Offshoring is when you onboard a manufacturer from a distant country – commonly from another part of the world. While China continues to be a global leader in manufacturing with 28.7 per cent of the pie, India and other South-East Asian countries are fast catching up. For example, Bangladesh and Vietnam are some of the leading global manufacturers of textiles.
Here are the benefits of offshoring:
Access to new markets
Offshoring gives you access to a vast pool of talent and markets that may have deep domain expertise. In specialised manufacturing, domain knowledge, investment in R&D, and innovation is paramount.
Highly skilled workforce
To counter risks, diversify manufacturing in 2-3 offshore locations, each with many skilled candidates. Most Asian countries, especially India, have candidates proficient in the English language, which takes care of any communication barriers.
Offshoring also gets you a cheaper workforce to do the same work for which you would pay a higher hourly wage locally.
Countries with deep domain expertise have already invested heavily in R&D, and it may not be feasible to repeat the cycle. In the example above, Taiwan has years of expertise and investments in semiconductor manufacturing, because of which it remains a high-value offshoring partner globally.
Many potential candidates for offshore manufacturing are developing countries looking to improve their economic standing. To attract global business and FOREX, offshore countries offer friendly policies, tax breaks, and other financial incentives.
For example, India’s Special Economic Zones (SEZs) offer benefits such as income tax exemptions and duty-free import of products to overseas clients.
Challenges of offshoring in manufacturing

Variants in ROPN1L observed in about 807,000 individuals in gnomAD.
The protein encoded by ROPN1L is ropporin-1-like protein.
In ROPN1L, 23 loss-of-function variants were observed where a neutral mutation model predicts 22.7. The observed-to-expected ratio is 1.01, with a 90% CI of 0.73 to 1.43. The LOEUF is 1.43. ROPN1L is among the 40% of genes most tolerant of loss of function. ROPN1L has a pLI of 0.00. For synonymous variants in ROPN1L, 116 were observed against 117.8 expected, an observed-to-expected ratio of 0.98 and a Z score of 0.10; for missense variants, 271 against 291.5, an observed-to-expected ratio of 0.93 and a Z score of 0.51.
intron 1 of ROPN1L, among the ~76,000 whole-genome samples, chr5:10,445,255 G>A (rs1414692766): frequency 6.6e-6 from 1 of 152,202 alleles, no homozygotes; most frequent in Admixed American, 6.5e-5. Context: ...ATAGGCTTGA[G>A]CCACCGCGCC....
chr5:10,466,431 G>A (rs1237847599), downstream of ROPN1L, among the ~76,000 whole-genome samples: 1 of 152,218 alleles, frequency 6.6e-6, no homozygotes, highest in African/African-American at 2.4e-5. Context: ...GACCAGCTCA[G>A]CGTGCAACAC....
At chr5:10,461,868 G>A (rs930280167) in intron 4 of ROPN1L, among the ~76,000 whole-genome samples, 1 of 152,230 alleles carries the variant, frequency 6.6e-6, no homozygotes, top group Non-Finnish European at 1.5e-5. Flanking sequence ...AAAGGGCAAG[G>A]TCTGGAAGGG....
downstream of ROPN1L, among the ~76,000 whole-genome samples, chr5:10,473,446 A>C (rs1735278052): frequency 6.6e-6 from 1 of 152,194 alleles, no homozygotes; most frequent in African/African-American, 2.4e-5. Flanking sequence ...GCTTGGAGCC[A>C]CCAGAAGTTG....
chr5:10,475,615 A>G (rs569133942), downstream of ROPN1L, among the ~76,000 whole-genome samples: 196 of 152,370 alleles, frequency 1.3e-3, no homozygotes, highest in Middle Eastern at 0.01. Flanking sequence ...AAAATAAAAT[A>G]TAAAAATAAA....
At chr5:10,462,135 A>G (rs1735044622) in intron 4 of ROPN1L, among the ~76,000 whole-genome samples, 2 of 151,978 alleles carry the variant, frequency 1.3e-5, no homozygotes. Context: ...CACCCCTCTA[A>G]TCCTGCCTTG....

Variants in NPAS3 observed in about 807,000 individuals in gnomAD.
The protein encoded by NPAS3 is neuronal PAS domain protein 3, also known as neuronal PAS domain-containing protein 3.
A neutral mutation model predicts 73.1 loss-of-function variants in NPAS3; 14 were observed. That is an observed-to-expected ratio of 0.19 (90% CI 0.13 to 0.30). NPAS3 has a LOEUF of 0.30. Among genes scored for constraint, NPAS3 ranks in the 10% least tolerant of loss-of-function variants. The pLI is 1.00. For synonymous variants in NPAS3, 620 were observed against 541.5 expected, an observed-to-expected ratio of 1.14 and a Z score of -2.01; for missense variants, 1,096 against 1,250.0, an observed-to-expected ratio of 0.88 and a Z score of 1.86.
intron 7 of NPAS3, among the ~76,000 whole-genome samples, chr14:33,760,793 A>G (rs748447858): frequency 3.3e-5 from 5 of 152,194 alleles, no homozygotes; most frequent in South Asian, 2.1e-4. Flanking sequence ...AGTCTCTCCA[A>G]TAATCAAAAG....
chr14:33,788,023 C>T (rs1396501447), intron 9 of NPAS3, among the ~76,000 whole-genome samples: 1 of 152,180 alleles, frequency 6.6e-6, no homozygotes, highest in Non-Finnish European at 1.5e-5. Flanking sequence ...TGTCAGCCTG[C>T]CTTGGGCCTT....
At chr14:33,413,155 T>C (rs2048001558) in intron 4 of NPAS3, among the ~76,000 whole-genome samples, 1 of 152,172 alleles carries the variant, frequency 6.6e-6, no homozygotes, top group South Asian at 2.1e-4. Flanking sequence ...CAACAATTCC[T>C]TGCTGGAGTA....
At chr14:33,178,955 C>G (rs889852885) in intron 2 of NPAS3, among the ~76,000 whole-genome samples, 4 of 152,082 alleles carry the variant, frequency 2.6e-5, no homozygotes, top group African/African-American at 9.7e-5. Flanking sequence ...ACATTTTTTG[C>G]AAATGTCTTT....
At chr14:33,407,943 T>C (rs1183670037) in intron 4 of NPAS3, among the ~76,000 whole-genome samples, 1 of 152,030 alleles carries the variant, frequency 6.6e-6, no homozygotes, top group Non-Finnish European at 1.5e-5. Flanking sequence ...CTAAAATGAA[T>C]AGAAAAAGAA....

Even as we’re deep into economies of outsourcing and offshoring, the mechanisms that run these systems are not foolproof. Offshoring cannot be the blanket solution for all businesses due to one of many reasons.
Communication and cultural barriers
Though with remote working technology platforms, one can easily communicate with global teams without travelling, there could be language barriers or a lack of understanding of products specific to a country.
The large distances between the manufacturers and target markets can mean high shipping costs. There could be other logistical issues, such as delays due to bad weather, legal restrictions, and supply chain disruptions. Such issues could cost the business huge capital or cause delays.
Monitoring the quality of products from the other end of the globe can be a big challenge. However, with advancements in robotics, IoT, and ML technologies, the rejection of sub-standard products is significantly lower.
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How can Infosys BPM help?
Infosys BPM is your partner in organisational change with a mandate to transform your business using our digital services. We can help you align with Industry 4.0 standards and prepare for newer technologies, materials, production methods, planning processes, and skill requirements.